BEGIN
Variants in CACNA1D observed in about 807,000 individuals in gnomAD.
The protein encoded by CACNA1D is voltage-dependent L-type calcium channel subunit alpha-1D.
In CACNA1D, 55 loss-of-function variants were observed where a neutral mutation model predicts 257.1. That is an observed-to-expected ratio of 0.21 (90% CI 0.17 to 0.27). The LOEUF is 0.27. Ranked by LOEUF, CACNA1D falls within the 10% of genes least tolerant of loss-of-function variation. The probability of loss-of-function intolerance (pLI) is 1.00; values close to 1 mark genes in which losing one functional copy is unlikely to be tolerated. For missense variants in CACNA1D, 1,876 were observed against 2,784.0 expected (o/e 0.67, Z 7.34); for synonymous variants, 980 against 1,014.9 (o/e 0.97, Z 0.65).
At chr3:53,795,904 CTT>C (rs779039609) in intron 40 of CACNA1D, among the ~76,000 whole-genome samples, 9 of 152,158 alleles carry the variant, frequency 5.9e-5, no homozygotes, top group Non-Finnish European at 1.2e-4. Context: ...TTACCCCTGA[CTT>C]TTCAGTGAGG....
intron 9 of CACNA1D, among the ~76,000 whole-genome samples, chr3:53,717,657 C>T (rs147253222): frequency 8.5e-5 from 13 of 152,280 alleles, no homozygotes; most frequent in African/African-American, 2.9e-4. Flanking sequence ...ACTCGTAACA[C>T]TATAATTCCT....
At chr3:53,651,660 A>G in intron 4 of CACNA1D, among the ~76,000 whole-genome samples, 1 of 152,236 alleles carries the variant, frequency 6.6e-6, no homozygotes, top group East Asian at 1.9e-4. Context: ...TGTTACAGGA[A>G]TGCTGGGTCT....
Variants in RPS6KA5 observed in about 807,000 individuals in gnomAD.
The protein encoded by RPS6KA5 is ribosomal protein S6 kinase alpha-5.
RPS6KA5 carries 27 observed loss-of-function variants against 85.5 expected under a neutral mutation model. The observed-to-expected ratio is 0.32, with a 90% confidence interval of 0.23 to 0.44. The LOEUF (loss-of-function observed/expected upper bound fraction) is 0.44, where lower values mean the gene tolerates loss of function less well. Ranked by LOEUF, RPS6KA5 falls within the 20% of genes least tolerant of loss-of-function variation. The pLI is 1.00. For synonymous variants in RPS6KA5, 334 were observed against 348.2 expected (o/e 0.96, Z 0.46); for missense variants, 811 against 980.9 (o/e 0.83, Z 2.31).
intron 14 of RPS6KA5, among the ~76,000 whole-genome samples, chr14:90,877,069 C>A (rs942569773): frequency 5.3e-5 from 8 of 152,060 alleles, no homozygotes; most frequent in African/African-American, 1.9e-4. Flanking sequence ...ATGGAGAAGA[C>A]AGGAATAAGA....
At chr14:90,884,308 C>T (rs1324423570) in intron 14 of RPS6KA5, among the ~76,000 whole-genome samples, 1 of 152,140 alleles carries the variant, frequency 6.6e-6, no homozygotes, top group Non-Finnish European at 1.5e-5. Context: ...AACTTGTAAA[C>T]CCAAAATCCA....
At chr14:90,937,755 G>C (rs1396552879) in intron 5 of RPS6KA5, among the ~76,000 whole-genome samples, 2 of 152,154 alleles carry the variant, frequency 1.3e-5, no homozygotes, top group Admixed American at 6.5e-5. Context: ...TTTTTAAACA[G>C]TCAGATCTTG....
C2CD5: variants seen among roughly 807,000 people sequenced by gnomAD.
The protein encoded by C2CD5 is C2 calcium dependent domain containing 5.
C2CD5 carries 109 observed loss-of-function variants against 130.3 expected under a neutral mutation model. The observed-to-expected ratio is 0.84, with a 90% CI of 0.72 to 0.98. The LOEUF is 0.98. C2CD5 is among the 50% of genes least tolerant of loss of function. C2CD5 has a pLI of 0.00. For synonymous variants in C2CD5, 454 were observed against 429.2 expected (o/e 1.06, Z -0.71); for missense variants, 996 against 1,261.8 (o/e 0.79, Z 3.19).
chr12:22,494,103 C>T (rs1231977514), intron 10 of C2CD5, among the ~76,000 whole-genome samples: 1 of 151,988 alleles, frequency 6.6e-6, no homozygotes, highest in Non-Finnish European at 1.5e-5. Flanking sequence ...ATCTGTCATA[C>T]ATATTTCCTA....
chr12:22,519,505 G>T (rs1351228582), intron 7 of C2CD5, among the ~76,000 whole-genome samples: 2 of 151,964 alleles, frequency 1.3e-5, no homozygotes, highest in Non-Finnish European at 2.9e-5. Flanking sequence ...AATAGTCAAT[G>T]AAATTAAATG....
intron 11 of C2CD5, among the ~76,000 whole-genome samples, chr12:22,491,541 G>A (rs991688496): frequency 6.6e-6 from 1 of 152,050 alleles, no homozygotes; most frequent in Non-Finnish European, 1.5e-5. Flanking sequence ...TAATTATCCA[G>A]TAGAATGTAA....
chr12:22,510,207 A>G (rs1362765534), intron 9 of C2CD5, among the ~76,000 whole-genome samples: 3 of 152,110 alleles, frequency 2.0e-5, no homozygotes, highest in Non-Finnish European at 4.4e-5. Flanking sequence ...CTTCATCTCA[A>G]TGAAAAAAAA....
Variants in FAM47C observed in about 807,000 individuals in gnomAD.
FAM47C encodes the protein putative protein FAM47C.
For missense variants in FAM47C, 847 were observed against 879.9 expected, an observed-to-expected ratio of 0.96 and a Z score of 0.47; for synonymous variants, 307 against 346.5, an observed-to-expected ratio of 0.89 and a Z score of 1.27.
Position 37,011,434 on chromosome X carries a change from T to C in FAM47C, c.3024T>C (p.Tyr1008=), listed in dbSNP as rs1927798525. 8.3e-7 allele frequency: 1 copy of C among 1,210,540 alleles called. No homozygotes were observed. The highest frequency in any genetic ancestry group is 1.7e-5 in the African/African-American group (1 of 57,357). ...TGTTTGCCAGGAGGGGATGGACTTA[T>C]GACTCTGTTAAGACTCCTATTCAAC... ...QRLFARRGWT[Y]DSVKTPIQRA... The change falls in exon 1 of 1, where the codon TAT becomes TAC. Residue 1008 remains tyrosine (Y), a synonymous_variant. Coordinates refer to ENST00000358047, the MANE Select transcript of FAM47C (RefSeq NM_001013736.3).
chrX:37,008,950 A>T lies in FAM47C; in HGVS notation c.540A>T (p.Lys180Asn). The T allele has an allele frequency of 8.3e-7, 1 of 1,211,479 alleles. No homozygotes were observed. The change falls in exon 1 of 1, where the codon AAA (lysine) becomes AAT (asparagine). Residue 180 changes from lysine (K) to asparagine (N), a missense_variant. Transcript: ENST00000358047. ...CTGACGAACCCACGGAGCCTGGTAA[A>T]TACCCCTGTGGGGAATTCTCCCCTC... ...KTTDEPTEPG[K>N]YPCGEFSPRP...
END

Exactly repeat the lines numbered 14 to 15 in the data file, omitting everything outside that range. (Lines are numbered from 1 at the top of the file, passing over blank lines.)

The protein encoded by C2CD5 is C2 calcium dependent domain containing 5.
C2CD5 carries 109 observed loss-of-function variants against 130.3 expected under a neutral mutation model. The observed-to-expected ratio is 0.84, with a 90% CI of 0.72 to 0.98. The LOEUF is 0.98. C2CD5 is among the 50% of genes least tolerant of loss of function. C2CD5 has a pLI of 0.00. For synonymous variants in C2CD5, 454 were observed against 429.2 expected (o/e 1.06, Z -0.71); for missense variants, 996 against 1,261.8 (o/e 0.79, Z 3.19).